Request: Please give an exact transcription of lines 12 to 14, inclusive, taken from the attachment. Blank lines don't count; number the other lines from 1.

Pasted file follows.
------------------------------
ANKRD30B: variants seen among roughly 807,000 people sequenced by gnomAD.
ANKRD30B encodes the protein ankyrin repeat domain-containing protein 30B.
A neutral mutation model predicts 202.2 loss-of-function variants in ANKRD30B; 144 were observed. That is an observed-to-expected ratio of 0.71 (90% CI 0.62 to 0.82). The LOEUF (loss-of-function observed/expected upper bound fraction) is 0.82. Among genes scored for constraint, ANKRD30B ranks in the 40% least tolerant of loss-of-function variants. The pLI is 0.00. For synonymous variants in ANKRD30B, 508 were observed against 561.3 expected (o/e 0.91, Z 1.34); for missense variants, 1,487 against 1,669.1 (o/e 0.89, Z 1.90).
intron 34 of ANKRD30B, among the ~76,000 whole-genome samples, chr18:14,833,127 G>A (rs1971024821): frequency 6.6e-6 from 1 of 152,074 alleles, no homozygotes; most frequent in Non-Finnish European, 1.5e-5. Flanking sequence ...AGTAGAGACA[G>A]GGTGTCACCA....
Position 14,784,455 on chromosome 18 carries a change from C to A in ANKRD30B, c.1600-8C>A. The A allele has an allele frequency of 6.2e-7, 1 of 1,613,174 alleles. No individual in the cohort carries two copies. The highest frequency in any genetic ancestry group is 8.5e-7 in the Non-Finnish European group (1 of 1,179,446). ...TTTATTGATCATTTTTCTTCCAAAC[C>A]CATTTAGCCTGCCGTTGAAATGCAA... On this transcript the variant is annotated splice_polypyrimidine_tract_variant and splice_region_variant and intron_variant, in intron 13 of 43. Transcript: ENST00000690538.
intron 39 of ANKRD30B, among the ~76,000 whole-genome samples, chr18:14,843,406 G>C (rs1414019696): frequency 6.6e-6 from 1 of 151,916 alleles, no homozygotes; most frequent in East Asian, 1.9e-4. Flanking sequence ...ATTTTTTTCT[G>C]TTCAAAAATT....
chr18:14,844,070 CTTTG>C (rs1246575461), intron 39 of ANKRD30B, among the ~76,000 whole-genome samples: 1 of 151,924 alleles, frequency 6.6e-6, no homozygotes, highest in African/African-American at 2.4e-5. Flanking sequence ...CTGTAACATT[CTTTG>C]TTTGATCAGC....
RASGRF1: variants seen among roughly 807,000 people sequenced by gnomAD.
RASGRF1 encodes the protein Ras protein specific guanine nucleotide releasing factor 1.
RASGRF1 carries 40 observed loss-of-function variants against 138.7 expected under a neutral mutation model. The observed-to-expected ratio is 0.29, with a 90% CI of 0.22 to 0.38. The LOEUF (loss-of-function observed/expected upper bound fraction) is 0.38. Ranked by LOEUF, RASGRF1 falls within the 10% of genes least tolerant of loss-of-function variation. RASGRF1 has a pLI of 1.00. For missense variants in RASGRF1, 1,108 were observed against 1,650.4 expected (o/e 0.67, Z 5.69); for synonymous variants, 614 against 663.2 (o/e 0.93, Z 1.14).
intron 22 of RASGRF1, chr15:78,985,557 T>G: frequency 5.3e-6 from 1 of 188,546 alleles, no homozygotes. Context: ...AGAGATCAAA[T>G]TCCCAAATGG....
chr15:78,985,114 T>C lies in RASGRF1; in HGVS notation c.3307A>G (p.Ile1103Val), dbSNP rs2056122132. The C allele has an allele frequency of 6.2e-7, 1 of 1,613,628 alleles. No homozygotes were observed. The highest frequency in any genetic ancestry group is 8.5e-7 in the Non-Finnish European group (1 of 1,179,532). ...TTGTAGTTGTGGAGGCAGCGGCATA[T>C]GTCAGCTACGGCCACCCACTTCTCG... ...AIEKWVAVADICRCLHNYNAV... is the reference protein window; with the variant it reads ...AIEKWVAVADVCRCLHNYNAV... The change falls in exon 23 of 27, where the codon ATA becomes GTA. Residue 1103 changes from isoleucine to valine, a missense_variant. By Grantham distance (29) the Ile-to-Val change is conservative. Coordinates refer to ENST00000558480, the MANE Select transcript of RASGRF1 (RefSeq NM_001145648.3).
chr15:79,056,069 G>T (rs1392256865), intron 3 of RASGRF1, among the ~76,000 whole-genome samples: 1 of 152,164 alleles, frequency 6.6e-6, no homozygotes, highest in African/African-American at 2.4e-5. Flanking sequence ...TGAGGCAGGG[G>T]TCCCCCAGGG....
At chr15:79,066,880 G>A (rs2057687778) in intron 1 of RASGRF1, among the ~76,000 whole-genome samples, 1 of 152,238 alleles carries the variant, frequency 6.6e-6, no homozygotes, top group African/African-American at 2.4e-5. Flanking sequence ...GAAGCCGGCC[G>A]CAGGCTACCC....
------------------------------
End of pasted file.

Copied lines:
chr15:78,985,114 T>C lies in RASGRF1; in HGVS notation c.3307A>G (p.Ile1103Val), dbSNP rs2056122132. The C allele has an allele frequency of 6.2e-7, 1 of 1,613,628 alleles. No homozygotes were observed. The highest frequency in any genetic ancestry group is 8.5e-7 in the Non-Finnish European group (1 of 1,179,532). ...TTGTAGTTGTGGAGGCAGCGGCATA[T>C]GTCAGCTACGGCCACCCACTTCTCG... ...AIEKWVAVADICRCLHNYNAV... is the reference protein window; with the variant it reads ...AIEKWVAVADVCRCLHNYNAV... The change falls in exon 23 of 27, where the codon ATA becomes GTA. Residue 1103 changes from isoleucine to valine, a missense_variant. By Grantham distance (29) the Ile-to-Val change is conservative. Coordinates refer to ENST00000558480, the MANE Select transcript of RASGRF1 (RefSeq NM_001145648.3).
chr15:79,056,069 G>T (rs1392256865), intron 3 of RASGRF1, among the ~76,000 whole-genome samples: 1 of 152,164 alleles, frequency 6.6e-6, no homozygotes, highest in African/African-American at 2.4e-5. Flanking sequence ...TGAGGCAGGG[G>T]TCCCCCAGGG....
At chr15:79,066,880 G>A (rs2057687778) in intron 1 of RASGRF1, among the ~76,000 whole-genome samples, 1 of 152,238 alleles carries the variant, frequency 6.6e-6, no homozygotes, top group African/African-American at 2.4e-5. Flanking sequence ...GAAGCCGGCC[G>A]CAGGCTACCC....